I posted my Bear-o-meter reading a couple of weeks ago when it showed a low- neutral reading of “3”. That is, the indicator suggested a flat market, with some caution. Things have changed – the indicator now reads a bearish “1”, so I thought I’d better update readers.
Just a quick refresher on what the indicator is comprised of. The Bear-o-meter is a compilation of 12 indicators.
- 2 are trend indicators,
- 4 are breadth indicators (although I use 2 of them as momentum indicators),
- 1 is a value indicator,
- 3 are sentiment indicators,
- 1 is plain old seasonality (best/worst 6 months).
Each indicator can earn a positive, negative or neutral score. Some of the indicators are read twice—for example, I look at slopes as well as relative positions for the A/D line and moving averages.
Since my reading on May 1st, we’ve had 2 of the signals move from bullish or neutral to minor bearish. Specifically, The Advance/Decline line is now diverging bearishly vs. the S&P 500. This means that the market is, on the whole, comprised of more declining stocks than rising stocks. The chart below, courtesy of www.freestockcharts.com, illustrates the divergence. You’ll also note the move of the AD line (black line) below the 40 week / 200 day MA (red MA line). That was the second new negative signal on my list.
Of note: The VIX was at around 10 – an extraordinarily low reading – less than a week ago. The VIX has since then moved above 12 –a marginally neutral reading—so I’ll count it as neutral today. If I had read it a week ago it would have pushed the Bear-o-meter into a reading of “0”—which is quite bearish.
Beyond that, most of the signals remain the same. Sentiment via the smart/dumb money spread is negative. We’re still above the key MA’s (200 day, 50 day) and they are sloping up. I will note that the distance between the 200 day MA and the S&P 500 was about 7%. While not a super-overbought level (which I tend to view as a 10% spread between the market and the 200 day MA) –its at around 6-7% spread where you do start to get into a potential for at least a neartermed correction.
Conclusion: we don’t have a massive sell signal in place, but certainly the Bear-o-meter is suggesting more caution at this time.
What is your estimate or guess on how much a pull-back might occur if it does, i.e. 5% 10% ?
2330, 2280,2250 are minor support areas
2200 is major support if those are broken
If thats broken….it would be ugly, but likely that represents the worst case from my current perspective. Time will tel…
G’ Morning Keith
I purchased TLT May 5th, felt it was nearing support & summer correction was a possibility; good place to hide. So your May 10th blog was comforting, nice to know I was not the only one seeing the potential of TLT. I bought more on the 19th, so far looks like a heck of a good call. Thank you for freely sharing your thoughts with the little guys. Checking your blog has become part of my morning routine.
thanks Carey–and be sure to forward the link to others you think might like the blog too!
“BEARISH MACD CROSSOVER (NEGATIVE MOMENTUM DIVERGENCE). BREAK OF MAJOR MOVING AVERAGES SUCH AS THE 20 AND 50 DAY PRESENTING WHAT COULD BE A DOUBLE TOP PATTERN. A BREAK BELOW HORIZONTAL RESISTANCE AROUND 2325 CALCULATES DOWNSIDE POTENTIAL TOWARDS 2250, INLINE WITH THE 200 DMA AVERAGE (2255)”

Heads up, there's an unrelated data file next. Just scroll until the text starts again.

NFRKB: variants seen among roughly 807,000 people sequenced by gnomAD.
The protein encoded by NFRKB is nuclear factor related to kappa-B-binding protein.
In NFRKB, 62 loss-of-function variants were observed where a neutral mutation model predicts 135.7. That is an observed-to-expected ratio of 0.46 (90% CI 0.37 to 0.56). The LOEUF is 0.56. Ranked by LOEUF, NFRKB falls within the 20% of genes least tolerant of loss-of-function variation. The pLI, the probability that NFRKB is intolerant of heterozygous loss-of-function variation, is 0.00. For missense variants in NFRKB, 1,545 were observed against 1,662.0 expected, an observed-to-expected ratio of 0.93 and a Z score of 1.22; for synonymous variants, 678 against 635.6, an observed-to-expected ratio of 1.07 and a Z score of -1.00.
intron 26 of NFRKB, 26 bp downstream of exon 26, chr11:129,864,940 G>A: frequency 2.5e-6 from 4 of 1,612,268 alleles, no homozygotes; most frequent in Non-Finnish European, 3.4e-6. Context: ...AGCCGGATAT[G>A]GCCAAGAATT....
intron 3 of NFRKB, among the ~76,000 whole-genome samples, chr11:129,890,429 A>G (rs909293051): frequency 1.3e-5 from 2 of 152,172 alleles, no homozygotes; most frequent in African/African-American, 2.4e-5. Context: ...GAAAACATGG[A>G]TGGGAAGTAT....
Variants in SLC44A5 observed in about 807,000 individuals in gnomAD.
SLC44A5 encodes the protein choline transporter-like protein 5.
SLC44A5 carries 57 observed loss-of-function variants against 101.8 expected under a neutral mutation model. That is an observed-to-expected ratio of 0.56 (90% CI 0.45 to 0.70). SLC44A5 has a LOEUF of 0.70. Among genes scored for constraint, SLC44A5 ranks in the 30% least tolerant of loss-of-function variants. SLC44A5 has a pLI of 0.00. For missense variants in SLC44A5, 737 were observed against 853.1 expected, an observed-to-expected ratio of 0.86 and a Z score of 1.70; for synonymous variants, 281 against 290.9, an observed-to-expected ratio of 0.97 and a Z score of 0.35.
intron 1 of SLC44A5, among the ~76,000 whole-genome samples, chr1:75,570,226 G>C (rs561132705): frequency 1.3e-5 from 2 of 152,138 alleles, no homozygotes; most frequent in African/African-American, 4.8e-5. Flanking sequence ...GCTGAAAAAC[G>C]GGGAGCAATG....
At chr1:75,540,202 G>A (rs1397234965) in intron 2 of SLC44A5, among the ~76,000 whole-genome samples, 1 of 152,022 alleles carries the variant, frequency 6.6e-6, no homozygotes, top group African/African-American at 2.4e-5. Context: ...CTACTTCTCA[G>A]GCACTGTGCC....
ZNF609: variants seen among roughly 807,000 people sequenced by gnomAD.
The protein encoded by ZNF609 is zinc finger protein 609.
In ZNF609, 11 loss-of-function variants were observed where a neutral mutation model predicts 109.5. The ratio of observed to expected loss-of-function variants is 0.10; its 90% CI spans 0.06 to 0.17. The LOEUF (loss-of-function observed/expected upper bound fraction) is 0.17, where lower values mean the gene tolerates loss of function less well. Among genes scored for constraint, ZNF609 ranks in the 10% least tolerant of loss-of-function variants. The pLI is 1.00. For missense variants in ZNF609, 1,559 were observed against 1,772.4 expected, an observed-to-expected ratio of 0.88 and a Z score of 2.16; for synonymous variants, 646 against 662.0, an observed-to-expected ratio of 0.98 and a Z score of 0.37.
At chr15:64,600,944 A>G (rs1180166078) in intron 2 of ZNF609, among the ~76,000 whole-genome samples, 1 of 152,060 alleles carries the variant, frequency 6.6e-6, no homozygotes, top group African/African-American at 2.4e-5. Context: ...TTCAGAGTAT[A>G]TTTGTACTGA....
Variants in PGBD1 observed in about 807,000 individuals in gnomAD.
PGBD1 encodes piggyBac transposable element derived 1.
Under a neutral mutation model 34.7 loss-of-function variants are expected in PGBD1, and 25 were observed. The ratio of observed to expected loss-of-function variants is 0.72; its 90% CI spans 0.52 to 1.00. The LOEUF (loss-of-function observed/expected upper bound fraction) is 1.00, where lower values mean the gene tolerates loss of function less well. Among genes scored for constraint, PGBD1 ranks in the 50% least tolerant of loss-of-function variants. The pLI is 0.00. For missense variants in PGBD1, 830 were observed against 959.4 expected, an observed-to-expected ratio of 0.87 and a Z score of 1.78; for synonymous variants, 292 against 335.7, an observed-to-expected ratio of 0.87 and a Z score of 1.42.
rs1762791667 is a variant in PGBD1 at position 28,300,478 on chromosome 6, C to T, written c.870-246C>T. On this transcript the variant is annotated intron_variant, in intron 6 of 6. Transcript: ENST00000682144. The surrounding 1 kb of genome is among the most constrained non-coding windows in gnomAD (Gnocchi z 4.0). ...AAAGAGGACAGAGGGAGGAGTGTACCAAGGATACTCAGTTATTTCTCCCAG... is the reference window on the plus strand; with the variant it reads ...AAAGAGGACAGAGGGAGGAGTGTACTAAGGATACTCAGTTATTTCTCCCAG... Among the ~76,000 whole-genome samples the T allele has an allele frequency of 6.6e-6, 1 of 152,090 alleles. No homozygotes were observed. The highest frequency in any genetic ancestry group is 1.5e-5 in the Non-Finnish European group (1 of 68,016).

EQUITY CLOCK, 18/05/2017
Something bizarre right now is how oil and gas stocks like TOU, VET, PEY are sliding, while WTI is grinding back towards 50.0. Maybe investors are tired to be fooled by false starts. It feels like we are a week away from a wash-out in that sector.
As for Canadian banks, many broke their 200 day moving averages, yet, I don’t see coworkers panicking. So I think we’ll get a good correction. As they say, the market likes to cause the most pain to the most people.
I’m keeping 40% in cash.
You probably know from my blogs and Investors Digest and BNN conversations that I’ve been bearish on the CDN banks for a while–and I’ve been bearish on the TSX–recall this recent blog.
Yes, the price of WTI is disconnected from the producers. I guess its a lag –interesting because often the producers lead the commodity’s turning points.
I guess the market does like to throw curve balls–like you said–causing most pain to most people– I like that quote–thanks for that!
Hi Keith. I have been watching Stantec (STN.T) recently. I know in the past that you have used this as a trader. It seems to be on the way to it’s lower range and i wondered if you thought it might be getting lined up for a trade
would appreciate your thoughts
Kim–normally I don’t cover individual stocks on the blog-I prefer to do it on the BNN shows (next one is June 12)–but I have talked about this one before so I don’t mind revisiting it.
STN does have a really nicely defined trading range. And yes, its heading back to the bottom of it. $29 support is where I become interested-I like to sell around $36—I prefer to buy as it bounces off of that $29 area–in other words, it hits $29, then goes up to, say, $30 to confirm support is likely to hold. Also–I tend to put a tight mental stop on it–you don’t want it to break $29 support by too much or for too long after you enter the trade. I have given it $28 as an acceptable low range, and will sell if it breaks below that.
that’s been my approach to the stock in the past–keep in mind that they are influenced by the west coast oil business–not a pretty picture right now. But, that’s why its heading down.